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From left: Grab co-founder Anthony Tan, crypto billionaire Changpeng Zhao and former Nanyang Technological University professor Shi Xu. — TODAY/Reuters/Nanofilm Technologies pic
From left: Grab co-founder Anthony Tan, crypto billionaire Changpeng Zhao and former Nanyang Technological University professor Shi Xu. — TODAY/Reuters/Nanofilm Technologies pic

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SINGAPORE, Aug 12 — The combined net worth of Singapore’s 50 richest people rose by 25 per cent over the past year to US$208 billion (S$282 billion) from US$167 billion last year, Forbes said in its annual list of the world’s wealthiest tycoons.

Singapore’s 50 richest people include entrepreneurs from industries as varied as property development, technology and hotpot restaurants.

This year, the list also includes three new faces — Grab co-founder Anthony Tan, crypto billionaire Changpeng Zhao and nanotechnology entrepreneur Shi Xu.

The annual list, published in this month’s issue of Forbes Asia, is compiled using shareholding and financial information obtained from families and individuals, stock exchanges, analysts and other sources.

It also takes into account family fortunes, including fortunes shared among extended families.

Net worths are based on stock prices and exchange rates as of July 26, while private companies were valued based on similar companies that are publicly traded.

The list also includes foreign citizens with business, residential or other ties to Singapore, or citizens who do not reside in Singapore but have significant business here or other ties to the Republic.

Three newcomers in top 50

Tan, the Malaysia-born co-founder of Grab, debuted in Singapore’s rich list at number 47 with a net worth of US$790 million.

The Singapore citizen was previously ranked among Malaysia’s richest in 2019, after having set up the ride-hailing firm there in 2012.

Now, Tan, 39, is on the verge of concluding a merger between Grab and United States blank cheque company Altimeter Growth Corp by the end of this year.

It is expected to be one of the biggest deals with a special purpose acquisition company that will value Grab at US$40 billion.

Grab’s value was estimated to be around US$14 billion in 2019.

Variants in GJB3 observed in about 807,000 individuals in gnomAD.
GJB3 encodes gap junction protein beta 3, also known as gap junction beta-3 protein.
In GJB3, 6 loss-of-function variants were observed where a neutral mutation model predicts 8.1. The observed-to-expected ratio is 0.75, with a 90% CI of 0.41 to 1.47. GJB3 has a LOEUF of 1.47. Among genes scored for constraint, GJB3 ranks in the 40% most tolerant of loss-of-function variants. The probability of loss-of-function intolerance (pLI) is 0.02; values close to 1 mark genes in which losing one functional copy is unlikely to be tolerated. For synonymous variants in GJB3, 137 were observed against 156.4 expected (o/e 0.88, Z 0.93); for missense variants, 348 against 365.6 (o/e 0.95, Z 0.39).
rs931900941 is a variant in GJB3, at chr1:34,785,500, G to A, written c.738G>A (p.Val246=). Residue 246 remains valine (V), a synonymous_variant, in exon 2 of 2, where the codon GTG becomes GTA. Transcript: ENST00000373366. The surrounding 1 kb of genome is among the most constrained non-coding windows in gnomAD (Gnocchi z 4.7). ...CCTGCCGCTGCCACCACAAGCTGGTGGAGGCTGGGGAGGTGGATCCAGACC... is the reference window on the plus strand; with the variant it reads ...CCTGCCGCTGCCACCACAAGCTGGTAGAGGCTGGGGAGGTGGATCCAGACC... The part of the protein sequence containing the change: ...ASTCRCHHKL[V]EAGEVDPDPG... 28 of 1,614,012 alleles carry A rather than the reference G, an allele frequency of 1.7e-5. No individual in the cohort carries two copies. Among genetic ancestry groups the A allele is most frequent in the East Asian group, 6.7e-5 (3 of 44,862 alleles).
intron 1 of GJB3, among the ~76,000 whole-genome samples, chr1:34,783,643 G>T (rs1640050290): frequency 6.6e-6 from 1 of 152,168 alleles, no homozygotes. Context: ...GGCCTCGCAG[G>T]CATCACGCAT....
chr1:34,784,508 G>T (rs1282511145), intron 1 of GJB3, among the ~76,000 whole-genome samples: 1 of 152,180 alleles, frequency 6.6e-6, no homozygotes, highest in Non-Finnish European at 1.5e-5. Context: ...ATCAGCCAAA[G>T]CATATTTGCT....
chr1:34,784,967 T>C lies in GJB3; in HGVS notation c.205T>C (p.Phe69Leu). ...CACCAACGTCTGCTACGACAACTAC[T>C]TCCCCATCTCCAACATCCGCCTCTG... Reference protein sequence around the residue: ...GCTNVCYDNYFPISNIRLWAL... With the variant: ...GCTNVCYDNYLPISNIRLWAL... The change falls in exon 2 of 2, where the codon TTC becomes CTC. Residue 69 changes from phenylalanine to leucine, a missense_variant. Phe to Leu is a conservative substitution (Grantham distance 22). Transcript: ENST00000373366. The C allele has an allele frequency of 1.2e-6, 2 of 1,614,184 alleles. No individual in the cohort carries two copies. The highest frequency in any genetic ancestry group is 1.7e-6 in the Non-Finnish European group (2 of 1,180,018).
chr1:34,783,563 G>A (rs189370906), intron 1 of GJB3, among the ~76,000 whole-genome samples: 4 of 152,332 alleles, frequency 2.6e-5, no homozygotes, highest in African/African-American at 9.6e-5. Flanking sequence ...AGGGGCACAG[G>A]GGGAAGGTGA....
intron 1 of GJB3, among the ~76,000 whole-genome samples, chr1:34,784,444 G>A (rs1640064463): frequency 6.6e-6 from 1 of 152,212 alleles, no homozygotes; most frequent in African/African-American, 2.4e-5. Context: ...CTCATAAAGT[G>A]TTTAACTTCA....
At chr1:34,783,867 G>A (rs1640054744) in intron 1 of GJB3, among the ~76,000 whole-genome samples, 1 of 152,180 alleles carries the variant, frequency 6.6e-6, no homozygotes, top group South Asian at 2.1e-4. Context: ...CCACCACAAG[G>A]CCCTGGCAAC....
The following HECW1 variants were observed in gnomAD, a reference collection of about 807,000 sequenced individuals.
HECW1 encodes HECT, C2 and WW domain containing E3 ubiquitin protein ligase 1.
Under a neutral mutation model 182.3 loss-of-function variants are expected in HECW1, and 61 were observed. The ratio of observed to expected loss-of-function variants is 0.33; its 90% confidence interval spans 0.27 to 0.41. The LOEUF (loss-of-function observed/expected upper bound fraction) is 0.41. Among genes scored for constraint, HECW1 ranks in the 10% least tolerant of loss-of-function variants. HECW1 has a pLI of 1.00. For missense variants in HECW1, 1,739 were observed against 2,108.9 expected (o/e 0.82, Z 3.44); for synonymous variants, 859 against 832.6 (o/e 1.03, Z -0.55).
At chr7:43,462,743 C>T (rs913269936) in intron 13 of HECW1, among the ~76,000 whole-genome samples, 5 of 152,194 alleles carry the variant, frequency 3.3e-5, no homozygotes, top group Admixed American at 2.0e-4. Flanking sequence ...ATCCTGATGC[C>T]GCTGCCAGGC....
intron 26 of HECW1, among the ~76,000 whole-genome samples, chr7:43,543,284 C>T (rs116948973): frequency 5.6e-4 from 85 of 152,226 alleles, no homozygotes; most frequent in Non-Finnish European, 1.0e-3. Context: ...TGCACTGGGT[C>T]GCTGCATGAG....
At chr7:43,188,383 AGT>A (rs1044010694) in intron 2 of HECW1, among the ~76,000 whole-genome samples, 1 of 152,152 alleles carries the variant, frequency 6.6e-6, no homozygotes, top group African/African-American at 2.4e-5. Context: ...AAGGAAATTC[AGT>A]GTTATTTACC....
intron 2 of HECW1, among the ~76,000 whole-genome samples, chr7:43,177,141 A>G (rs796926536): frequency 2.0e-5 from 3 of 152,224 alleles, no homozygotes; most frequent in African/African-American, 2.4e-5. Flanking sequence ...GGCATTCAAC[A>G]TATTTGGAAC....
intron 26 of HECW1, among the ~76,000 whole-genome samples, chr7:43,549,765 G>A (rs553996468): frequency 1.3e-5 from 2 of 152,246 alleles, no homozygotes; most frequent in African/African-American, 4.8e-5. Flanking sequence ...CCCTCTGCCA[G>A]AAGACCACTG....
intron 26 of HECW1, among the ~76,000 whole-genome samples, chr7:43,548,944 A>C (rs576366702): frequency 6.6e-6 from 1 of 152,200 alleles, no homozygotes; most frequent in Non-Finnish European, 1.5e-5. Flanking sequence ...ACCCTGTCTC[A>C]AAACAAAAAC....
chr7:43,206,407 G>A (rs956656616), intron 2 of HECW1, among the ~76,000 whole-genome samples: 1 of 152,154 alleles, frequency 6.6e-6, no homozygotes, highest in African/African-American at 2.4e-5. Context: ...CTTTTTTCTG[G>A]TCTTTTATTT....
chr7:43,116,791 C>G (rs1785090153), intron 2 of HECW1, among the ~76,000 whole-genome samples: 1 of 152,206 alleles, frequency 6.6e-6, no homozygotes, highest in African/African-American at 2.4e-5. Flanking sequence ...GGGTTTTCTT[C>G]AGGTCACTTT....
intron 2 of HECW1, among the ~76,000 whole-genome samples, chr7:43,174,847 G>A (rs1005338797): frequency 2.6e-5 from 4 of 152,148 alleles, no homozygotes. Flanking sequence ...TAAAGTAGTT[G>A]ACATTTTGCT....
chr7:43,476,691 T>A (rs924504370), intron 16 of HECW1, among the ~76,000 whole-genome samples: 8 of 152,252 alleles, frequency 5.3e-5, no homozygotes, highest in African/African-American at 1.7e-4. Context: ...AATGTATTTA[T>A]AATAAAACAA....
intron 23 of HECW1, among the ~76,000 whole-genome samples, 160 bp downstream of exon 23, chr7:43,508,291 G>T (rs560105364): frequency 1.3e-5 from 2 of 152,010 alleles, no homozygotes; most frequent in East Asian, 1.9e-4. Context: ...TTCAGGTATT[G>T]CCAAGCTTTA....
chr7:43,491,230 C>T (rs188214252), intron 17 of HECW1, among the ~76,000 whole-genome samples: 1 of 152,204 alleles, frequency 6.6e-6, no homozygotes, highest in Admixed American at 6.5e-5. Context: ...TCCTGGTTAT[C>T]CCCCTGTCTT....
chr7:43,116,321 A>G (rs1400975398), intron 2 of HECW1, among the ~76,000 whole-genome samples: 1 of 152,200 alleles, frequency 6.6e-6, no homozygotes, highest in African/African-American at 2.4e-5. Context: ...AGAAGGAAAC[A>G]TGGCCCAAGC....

Another newcomer to the Singapore rich list was Chinese Canadian Changpeng Zhao, the founder and chief executive officer of Binance, the largest cryptocurrency exchange in the world.

The 45-year-old, who has been based in Singapore since 2019, entered the list at number 22 with a net worth of US$1.9 billion.

Last year, Binance reached US$2 trillion in total trading volume and its Binance Coin is considered the third biggest cryptocurrency on the market.

The third newcomer to make the list at number 24, with a net worth of US$1.8 billion, is former Nanyang Technological University (NTU) professor Shi Xu.

Dr Shi, 57, became a billionaire after listing his firm NanoFilm Technologies International, which provides nanotechnological solutions for smartphones and electronics.

The initial public offering last October raised more than S$470 million, boosting the company’s market value to S$1.9 billion.

He had initially founded NanoFilm in 1999 as a tech start-up after NTU decided to commercialise his technology.

Rise in net worth of S’pore tycoons

With Singapore’s economy rebounding, 36 tycoons on the latest Forbes list saw their fortunes rise, with 42 of them boasting a net worth of at least US$1 billion.

The minimum net worth to make the list this year was US$735 million, up from US$610 million last year.

The richest man on the list was Li Xiting, 70, who took the top spot for the first time with a net worth of US$23 billion.

Li is the founder of Shenzhen Mindray Bio-Medical Electronics, which makes high-tech medical devices.

His company shares rose 19 per cent last year amid the Covid-19 pandemic, pushing his net worth up by US$5.2 billion.

Facebook co-founder Eduardo Saverin, 39, added US$6.5 billion to his wealth to reclaim the second spot on the list after a two-year gap. He has a net worth of US$20.5 billion.

In third place was paints tycoon Goh Cheng Liang, 94, who partnered with Japan’s Nippon Paint in the 1960s to expand its presence in Southeast Asia.

His oldest son Goh Hup Jin orchestrated a US$12 billion deal earlier this year that increased the family’s holding to a majority stake in Nippon Paint. It raised the senior Goh’s net worth by US$3.8 billion to US$18.6 billion.

Sea founders more than doubled their wealth

A fifth of the top 50 list consisted of self-made tycoons, Forbes said.

Among them are three men who more than doubled their individual wealth in the past year — the three co-founders of gaming and e-commerce firm Sea.

They are Forrest Li, 43, who is fifth on the list with a net worth of US$15.9 billion, Gang Ye, 41, who is seventh on the list with a net worth of US$10.3 billion and David Chen, 40, who is thirteenth on the list with a net worth of US$3.1 billion.

Collectively, their wealth stands at US$29.3 billion, up from US$12.6 billion last year.

Three people dropped off the list this year, including pioneering shipping tycoon Chang Yun Chung, who died last September at age 102.

His privately held Pacific International Lines, which was impacted by Covid-19 headwinds, concluded a debt restructuring plan in March that diluted the family’s holding to a minority stake. — TODAY

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